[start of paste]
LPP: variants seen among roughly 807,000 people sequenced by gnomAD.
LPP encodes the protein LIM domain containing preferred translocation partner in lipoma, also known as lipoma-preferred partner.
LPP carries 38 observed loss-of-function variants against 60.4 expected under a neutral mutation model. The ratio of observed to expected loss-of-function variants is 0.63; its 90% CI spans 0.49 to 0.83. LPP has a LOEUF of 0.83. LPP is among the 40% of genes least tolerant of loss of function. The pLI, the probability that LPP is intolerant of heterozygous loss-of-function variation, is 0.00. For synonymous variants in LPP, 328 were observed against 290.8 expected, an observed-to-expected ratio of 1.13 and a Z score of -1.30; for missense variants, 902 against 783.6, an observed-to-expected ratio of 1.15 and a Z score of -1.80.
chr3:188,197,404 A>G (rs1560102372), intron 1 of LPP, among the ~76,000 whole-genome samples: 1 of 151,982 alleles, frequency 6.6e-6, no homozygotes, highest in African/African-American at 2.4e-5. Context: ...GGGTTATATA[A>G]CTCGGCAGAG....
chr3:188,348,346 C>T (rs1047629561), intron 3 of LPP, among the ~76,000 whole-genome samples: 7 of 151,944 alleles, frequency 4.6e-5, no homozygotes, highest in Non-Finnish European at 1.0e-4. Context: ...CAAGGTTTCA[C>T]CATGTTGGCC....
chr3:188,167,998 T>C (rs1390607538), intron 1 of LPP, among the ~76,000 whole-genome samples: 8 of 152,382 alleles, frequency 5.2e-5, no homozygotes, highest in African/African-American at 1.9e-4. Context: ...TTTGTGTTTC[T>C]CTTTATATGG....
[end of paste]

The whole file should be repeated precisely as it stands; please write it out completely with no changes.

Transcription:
LPP: variants seen among roughly 807,000 people sequenced by gnomAD.
LPP encodes the protein LIM domain containing preferred translocation partner in lipoma, also known as lipoma-preferred partner.
LPP carries 38 observed loss-of-function variants against 60.4 expected under a neutral mutation model. The ratio of observed to expected loss-of-function variants is 0.63; its 90% CI spans 0.49 to 0.83. LPP has a LOEUF of 0.83. LPP is among the 40% of genes least tolerant of loss of function. The pLI, the probability that LPP is intolerant of heterozygous loss-of-function variation, is 0.00. For synonymous variants in LPP, 328 were observed against 290.8 expected, an observed-to-expected ratio of 1.13 and a Z score of -1.30; for missense variants, 902 against 783.6, an observed-to-expected ratio of 1.15 and a Z score of -1.80.
chr3:188,197,404 A>G (rs1560102372), intron 1 of LPP, among the ~76,000 whole-genome samples: 1 of 151,982 alleles, frequency 6.6e-6, no homozygotes, highest in African/African-American at 2.4e-5. Context: ...GGGTTATATA[A>G]CTCGGCAGAG....
chr3:188,348,346 C>T (rs1047629561), intron 3 of LPP, among the ~76,000 whole-genome samples: 7 of 151,944 alleles, frequency 4.6e-5, no homozygotes, highest in Non-Finnish European at 1.0e-4. Context: ...CAAGGTTTCA[C>T]CATGTTGGCC....
chr3:188,167,998 T>C (rs1390607538), intron 1 of LPP, among the ~76,000 whole-genome samples: 8 of 152,382 alleles, frequency 5.2e-5, no homozygotes, highest in African/African-American at 1.9e-4. Context: ...TTTGTGTTTC[T>C]CTTTATATGG....